Whatever edtech publication you read, whatever edtech conference you go to, whatever edtech sales pitch you listen to, you are bound to hear about many products causing incredible advances in student learning. With so many products showing great results for students, why aren’t they scaling; why aren’t they ubiquitous?
It’s not easy to go from pilot to widespread success.
What do we at Academic Business Advisors recommend to our clients?
First of all, here is what to avoid:
- Do not devote the majority of your resources to product development.
- Do not go out and get booths at conferences.
- Do not hire outside sales people.
What should you do?
First, plan before the pilot even begins. Your job is not to get pilots, your job is to make sure the pilot-customer is wildly happy during and after the pilot, that the implementation is complete and widespread in the school, and that you can use the pilot as a springboard to expansion.
Second, get close to as many contacts as possible at the school; to be successful a product needs many champions. If you are close, you can guide the technical contact, administrator, and educators when they hit the inevitable bumps along the road. Be as present as possible without being intrusive.
Third, know how you will monitor usage and results, and then keep key personnel aware of what is happening. If usage and results start to lag, intervene. Find out what the obstacles are and fix them. During the pilot you need to track what is going right? What problem is being solved? How are you helping with compliance? Where are you saving the school or district time or money?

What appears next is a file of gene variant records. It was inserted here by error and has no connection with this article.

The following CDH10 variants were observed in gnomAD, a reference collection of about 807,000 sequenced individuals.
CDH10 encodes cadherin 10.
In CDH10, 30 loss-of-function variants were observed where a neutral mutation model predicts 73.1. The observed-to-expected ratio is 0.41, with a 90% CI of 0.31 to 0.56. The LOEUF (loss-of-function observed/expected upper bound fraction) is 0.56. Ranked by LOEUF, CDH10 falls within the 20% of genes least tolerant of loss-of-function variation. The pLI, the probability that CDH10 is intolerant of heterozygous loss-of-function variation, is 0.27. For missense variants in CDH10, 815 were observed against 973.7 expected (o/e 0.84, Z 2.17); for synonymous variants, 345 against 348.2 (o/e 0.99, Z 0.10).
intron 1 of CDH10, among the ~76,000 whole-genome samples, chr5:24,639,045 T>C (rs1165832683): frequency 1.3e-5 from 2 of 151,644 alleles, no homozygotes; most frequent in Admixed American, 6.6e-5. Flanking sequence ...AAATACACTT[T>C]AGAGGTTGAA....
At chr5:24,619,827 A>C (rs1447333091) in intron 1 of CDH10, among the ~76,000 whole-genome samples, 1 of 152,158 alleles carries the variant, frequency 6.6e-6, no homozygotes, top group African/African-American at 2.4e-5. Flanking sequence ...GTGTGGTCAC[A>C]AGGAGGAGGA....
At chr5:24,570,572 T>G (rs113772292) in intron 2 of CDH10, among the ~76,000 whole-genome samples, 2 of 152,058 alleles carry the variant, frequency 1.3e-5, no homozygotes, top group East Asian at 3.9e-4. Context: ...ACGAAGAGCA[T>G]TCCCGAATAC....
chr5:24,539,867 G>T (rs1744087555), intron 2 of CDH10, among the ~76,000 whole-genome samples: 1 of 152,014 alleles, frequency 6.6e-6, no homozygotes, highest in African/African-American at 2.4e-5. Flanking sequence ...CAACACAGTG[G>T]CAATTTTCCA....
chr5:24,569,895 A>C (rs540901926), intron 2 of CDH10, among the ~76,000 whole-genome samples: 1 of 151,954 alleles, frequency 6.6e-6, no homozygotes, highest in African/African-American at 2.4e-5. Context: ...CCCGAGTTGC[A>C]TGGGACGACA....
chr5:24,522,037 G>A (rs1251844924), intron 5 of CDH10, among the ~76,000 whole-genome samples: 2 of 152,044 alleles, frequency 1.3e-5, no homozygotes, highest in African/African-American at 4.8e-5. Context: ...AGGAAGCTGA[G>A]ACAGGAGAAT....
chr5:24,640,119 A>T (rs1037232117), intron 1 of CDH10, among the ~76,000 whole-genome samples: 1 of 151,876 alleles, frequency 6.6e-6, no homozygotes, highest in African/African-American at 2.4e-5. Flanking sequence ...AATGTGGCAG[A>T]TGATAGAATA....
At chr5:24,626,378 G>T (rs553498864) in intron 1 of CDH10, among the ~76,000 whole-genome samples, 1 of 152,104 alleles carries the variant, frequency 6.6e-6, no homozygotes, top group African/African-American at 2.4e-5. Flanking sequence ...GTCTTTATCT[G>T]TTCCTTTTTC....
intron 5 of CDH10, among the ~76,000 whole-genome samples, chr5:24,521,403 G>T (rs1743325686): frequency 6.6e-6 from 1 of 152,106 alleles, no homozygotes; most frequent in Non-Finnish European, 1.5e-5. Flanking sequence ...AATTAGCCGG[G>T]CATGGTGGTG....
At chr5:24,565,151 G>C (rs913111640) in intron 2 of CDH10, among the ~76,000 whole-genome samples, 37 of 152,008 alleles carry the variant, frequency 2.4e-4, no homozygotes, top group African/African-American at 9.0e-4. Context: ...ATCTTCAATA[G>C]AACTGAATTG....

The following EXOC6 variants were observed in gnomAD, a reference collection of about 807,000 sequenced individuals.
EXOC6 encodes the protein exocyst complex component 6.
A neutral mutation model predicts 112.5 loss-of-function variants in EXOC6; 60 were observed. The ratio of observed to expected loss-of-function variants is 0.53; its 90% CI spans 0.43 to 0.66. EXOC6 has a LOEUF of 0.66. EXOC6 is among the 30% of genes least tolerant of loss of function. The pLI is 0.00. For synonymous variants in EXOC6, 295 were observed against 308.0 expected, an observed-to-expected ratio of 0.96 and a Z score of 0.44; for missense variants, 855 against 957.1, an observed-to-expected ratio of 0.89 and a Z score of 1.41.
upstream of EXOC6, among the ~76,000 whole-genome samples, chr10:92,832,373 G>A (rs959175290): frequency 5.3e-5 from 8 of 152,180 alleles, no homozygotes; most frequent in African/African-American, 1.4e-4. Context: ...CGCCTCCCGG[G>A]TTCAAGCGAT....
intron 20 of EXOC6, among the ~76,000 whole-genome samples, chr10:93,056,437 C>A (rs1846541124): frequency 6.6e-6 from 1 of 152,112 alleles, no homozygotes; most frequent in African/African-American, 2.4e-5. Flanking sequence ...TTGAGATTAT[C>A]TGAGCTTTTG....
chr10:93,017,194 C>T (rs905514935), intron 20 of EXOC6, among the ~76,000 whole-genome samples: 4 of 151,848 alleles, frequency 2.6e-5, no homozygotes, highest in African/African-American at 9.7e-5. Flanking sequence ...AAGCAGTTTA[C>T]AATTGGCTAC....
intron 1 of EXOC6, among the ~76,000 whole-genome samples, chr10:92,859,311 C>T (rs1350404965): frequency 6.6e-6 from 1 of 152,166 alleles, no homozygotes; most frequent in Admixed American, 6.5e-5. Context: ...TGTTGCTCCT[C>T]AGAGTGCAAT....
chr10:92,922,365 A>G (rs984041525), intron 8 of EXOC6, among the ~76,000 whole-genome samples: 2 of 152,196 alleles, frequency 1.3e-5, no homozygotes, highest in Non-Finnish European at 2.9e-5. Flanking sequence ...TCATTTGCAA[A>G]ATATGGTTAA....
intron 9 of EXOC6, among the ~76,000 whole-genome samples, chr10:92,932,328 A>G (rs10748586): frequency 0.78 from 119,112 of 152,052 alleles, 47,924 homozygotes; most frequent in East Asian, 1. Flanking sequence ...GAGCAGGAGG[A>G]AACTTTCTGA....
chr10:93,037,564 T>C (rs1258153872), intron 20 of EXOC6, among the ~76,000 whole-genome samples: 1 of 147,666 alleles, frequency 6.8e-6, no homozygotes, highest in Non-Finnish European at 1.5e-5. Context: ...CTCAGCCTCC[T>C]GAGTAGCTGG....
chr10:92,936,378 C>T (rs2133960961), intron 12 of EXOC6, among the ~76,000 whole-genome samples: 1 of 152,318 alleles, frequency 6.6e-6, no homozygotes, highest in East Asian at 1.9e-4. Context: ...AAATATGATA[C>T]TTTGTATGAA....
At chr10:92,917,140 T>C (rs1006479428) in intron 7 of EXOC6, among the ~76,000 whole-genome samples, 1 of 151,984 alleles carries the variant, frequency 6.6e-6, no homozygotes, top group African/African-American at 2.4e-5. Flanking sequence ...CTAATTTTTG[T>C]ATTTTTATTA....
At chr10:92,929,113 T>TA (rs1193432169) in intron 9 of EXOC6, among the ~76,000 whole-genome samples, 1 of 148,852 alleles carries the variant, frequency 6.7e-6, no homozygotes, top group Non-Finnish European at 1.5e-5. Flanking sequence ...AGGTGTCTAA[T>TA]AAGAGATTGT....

Fourth, plan, as part of the initial planning, how you and the school are going to share successes. Will there be press releases? Case studies? A white paper? Conference presentations? Referrals? A booth at a conference rarely generates quality leads that translate into sales, especially if a product requires administrative or district approval. A booth, combined with a pilot school talking about how they boosted student achievement and with other sponsorship visibility, will be substantially more successful.
Fifth, use news of the pilot to drive leads to sales people. Outside sales people need qualified leads coming in to them. Don’t hire a sales person and expect their rolodex to generate sales. Our rule of thumb is that at least half of a sales rep’s business should come from company generated leads. Only hire sales people when you’ve got procedures in place to provide them with a steady stream of leads.
Sixth, invest in sales and marketing. There are always improvements you can make to whatever product you produce. But sales and marketing require substantial investments of time, effort, and money, and you never really know if your product meets a need until you have gone through hundreds of sales cycles.
To read more on going from pilot to success, see Farimah Schuerman’s article on the Selling to Schools website.
And to fine tune your sales and marketing efforts to drive growth, contact us. Let’s discuss how your product can have the reach and success it deserves.